Sunday Dalí: Imperial Violets, 1938. Oil on canvas, 39 ⅜ x 56 ⅛ inches. Private collection.
Dalí said the title came from a French film, Violettes impériales, which he saw with Coco Chanel at her winter home in Roquebrune, Cap Martin. (The home is for sale, believe it or not.) It is not believed that anything except the title and Henry Russell’s erie greenish tone for scenes at night are represented in Dalí’s work. Dalí’s work was complete at the point of the viewing.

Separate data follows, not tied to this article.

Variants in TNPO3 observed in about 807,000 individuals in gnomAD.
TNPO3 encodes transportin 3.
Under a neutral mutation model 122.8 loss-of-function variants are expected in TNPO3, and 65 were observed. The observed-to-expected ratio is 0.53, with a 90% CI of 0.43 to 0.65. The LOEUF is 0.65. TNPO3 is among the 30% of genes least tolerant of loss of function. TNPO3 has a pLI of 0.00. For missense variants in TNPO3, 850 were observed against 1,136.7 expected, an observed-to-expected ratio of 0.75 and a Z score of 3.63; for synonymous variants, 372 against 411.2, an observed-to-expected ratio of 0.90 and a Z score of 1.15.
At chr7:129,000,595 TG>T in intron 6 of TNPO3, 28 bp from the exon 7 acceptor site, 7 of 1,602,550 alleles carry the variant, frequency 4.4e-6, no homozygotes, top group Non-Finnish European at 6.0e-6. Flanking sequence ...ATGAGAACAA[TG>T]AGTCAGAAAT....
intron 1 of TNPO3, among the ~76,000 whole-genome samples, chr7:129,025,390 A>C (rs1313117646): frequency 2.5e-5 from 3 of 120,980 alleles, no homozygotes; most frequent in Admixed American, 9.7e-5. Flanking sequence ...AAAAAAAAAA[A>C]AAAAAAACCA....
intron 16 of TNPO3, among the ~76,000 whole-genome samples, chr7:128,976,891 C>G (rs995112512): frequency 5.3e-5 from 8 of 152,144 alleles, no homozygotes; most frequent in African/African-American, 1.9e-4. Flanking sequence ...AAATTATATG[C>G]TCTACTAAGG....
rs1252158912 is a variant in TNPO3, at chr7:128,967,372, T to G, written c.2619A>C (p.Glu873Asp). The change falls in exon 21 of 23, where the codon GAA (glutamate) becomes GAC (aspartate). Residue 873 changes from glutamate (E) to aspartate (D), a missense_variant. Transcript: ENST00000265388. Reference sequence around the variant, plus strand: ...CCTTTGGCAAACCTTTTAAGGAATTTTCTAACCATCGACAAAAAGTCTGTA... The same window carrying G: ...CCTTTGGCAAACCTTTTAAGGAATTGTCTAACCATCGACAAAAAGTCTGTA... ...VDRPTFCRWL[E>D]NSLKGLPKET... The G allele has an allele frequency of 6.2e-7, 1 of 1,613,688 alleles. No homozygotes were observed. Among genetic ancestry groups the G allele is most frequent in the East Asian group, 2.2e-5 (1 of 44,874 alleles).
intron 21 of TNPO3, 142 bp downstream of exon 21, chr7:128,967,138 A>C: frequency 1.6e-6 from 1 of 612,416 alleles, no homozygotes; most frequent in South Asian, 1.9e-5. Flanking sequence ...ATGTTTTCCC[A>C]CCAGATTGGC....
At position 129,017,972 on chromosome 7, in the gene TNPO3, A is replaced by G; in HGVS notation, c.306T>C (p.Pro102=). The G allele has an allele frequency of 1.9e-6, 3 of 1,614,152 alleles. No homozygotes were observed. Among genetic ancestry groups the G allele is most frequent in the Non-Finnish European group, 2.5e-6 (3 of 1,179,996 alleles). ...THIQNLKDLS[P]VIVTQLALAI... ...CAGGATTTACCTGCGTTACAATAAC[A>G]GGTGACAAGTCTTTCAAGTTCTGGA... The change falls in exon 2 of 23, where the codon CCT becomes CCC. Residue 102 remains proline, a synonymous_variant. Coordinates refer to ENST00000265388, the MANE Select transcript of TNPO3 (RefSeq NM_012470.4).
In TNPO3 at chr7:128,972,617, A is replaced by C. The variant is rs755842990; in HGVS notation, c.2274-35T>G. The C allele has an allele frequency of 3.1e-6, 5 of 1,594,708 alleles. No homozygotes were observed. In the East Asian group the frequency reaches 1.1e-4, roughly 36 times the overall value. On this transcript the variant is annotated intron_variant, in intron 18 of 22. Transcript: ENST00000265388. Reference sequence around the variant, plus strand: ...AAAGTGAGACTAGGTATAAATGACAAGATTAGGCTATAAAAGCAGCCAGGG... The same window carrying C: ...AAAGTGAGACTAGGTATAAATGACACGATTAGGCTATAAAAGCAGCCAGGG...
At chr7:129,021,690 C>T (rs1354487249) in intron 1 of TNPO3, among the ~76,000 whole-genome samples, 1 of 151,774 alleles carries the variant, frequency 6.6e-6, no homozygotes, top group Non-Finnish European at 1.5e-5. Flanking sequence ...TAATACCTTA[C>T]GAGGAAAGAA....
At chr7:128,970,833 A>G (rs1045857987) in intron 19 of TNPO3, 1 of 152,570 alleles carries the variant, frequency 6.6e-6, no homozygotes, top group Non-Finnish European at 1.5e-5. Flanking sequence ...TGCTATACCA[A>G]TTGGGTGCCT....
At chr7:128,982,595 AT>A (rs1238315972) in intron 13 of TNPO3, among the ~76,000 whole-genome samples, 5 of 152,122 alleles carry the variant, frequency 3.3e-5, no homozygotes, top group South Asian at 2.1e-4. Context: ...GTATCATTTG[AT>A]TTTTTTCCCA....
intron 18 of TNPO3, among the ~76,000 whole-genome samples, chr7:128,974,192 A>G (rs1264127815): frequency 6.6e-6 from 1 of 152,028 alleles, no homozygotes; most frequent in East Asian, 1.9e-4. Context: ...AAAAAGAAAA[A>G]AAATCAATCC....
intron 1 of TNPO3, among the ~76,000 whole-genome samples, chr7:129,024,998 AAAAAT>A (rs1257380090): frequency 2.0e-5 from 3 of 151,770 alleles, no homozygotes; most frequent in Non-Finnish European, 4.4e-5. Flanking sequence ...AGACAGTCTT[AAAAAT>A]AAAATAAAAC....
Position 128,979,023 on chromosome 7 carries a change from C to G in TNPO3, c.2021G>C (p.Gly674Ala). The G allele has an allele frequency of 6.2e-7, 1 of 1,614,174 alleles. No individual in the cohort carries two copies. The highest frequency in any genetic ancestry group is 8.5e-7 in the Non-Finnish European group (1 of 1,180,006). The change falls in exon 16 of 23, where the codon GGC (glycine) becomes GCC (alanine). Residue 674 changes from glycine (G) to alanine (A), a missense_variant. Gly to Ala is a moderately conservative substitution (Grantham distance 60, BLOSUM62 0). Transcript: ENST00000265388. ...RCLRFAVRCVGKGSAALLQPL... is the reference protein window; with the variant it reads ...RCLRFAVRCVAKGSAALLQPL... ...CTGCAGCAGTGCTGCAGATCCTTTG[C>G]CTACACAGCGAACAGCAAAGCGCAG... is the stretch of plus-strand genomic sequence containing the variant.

Dalí’s black telephones of the WWII era represent the communication breakdown and impending destruction between Prime Minister Chamberlain and Führer Hitler. The partially eaten grilled sardines represent Spain’s role in the upcoming conflict. The man and child in the background represent a false-memory of Dalí’s father dragging Salvador to school. These elements can be read as the various levels of Dalí’s consciousness during the period. The child and father, as well as the white house, which resembles the Dalí family home are personal; the sardines are Spain, and the telephone is Europe.